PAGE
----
For inspiration and great ideas I recommend The Great Neighbourhood Book, by Jay Wallasper, editor of Ode Magazine. (New Society Publishers). It’s an easy read, packed full of ideas to make your neighbourhood more friendly, sustainable, traffic-tamed, and a great place to hang out. It’s got inspiration in its pages for joint projects such as painting out graffiti, planting fruit trees in the boulevard, planting a community garden, forming an eco-team, making a community bench - everything, in fact, except how to organize a street party - a strange omission! For advice on this, ask the British, who are big street partiers experts - see www.streetparty.org.uk. So treat yourself to a copy, and ask “How can we make our street more sustainable?”
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COLWOOD’S GOING GREEN
Thanks to the persistence of councillor Judith Cullington, and a $3.9 million federal grant, Colwood is embarking on four major new projects. The first will help 1,000 local residents install solar hot water systems, with very generous incentives, and support other sustainable technologies including smart meters and mini-split heat pumps for homes that lack a duct system for a central air-source heat pump. There will also be solar hot water, solar heating and solar PV on Colwood Fire Hall; a “zero net energy” approach for the new 70 unit Colwood Corners project; and rapid charging stations for electric cars in Colwood, creating a “green corridor” for EVs. The project is expected to generate work for 8-12 full time solar installers. For details, see www.solarcolwood.ca.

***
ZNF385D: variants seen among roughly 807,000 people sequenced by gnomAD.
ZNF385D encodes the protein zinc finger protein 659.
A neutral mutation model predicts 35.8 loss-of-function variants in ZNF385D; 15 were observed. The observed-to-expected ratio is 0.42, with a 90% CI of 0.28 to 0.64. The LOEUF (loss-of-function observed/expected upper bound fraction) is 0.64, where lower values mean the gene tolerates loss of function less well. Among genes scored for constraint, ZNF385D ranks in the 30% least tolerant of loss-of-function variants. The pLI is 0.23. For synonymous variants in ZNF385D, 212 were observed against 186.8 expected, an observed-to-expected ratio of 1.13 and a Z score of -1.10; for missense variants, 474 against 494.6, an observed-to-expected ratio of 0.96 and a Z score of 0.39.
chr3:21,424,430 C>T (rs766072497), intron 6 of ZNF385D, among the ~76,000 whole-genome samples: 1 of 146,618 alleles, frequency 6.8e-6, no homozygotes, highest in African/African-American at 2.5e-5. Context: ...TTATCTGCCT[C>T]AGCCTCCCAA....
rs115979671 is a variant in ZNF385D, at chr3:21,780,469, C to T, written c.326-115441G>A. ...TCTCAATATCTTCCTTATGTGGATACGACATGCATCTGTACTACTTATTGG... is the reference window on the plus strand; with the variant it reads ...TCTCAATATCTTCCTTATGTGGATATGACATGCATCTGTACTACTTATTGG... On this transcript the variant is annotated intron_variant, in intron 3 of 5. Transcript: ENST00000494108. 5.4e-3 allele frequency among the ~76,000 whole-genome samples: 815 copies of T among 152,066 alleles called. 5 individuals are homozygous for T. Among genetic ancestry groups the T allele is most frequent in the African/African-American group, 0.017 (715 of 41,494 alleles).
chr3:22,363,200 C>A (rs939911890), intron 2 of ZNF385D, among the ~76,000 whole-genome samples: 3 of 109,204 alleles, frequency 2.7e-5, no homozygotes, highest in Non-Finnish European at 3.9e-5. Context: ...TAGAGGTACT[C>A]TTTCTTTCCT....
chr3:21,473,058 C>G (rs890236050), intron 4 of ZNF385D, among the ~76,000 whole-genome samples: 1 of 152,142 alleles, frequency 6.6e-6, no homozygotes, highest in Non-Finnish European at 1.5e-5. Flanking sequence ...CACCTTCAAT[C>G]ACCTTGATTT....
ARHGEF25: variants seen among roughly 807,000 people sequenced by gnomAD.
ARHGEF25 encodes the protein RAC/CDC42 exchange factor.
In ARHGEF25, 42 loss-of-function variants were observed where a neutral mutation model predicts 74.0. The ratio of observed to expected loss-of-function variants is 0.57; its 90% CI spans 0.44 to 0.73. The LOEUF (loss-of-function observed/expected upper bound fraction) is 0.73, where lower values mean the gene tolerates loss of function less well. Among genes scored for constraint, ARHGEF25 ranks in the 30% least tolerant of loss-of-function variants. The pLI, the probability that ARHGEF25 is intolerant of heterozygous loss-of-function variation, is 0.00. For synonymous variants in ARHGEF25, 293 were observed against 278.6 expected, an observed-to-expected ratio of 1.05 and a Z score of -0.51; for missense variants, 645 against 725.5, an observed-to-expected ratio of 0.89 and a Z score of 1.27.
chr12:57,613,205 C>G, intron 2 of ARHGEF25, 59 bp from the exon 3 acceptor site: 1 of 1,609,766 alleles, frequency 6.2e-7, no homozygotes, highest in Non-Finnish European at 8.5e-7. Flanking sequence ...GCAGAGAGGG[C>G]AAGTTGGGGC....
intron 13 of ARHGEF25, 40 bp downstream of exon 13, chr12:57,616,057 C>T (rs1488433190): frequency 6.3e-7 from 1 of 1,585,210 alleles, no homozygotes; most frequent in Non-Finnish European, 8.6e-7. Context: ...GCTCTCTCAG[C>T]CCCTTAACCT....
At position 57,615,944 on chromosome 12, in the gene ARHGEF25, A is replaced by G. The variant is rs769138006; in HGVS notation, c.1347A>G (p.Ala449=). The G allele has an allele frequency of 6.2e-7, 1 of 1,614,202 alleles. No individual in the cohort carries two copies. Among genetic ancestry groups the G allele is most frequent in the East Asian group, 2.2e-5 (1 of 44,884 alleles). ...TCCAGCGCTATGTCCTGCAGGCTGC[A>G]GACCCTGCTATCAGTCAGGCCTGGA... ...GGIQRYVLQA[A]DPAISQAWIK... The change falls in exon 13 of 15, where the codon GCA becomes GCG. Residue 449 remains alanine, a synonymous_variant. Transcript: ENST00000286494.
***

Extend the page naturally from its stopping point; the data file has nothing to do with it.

GROWING YOUNG FARMERS
Dave “Mr. Organic” Friend grew up in a small farming village in Yorkshire, England, where all the food was effectively organic. Arriving on Vancouver Island in 1998, he became a commercial organic grower, and the champion for a number of summer camps and initiatives for young people. In his new program, “Growing Young Farmers’, he and his team will operate a professionally managed program for schools and growers in which students will work on organic farms at least once a week for a school term. They will learn the principle, practices and procedures of growing healthy organic food under the supervision of an experienced food-growing mentor, on a larger scale than a school garden.
Can you help make this happen? Dave needs gifts of:
Volunteers to help supervise students;
Organic soil or compost, for farms that need the existing soil to be improved;
The free loan of a rototiller;
Organic seeds and starter plants;
Used spades, forks, rakes, hoes, trowels, wheelbarrows, watering cans, hoses, potting trays, work gloves and boots;
Sponsorships from local businesses, organizations and private individuals.
Dave’s goal is to get his program into every local school, starting with Claremont Secondary. All of his work and time on the project are voluntary. Can you help? www.friendlyorganics.ca, and call Dave at 250-655-9156.
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LifeCycles has been a vibrant presence in Victoria since 1994, and they have been in instigators of many successful community gardens such as the Michigan Street Community Garden, in James Bay. They also created the Fruit Tree Project, whose 70 volunteers gather people’s surplus cherries, apples and pears and distribute them to local community centres and food banks. Last year, they gathered 28,000 pounds of fruit that would otherwise have rotted on the ground.
Their Growing Schools program has worked with over 1,000 kids and created gardens in 12 elementary schools, using 20-40 volunteer educators, and they have 15 schools on their waiting list. LifeCycles also runs the Urban Agriculture Hub, promoting local urban agriculture, connecting residents to each other, and to the resources, workshops and tools we need to grow food in the city, including a great Calendar of events. www.urbanagriculturehub.ca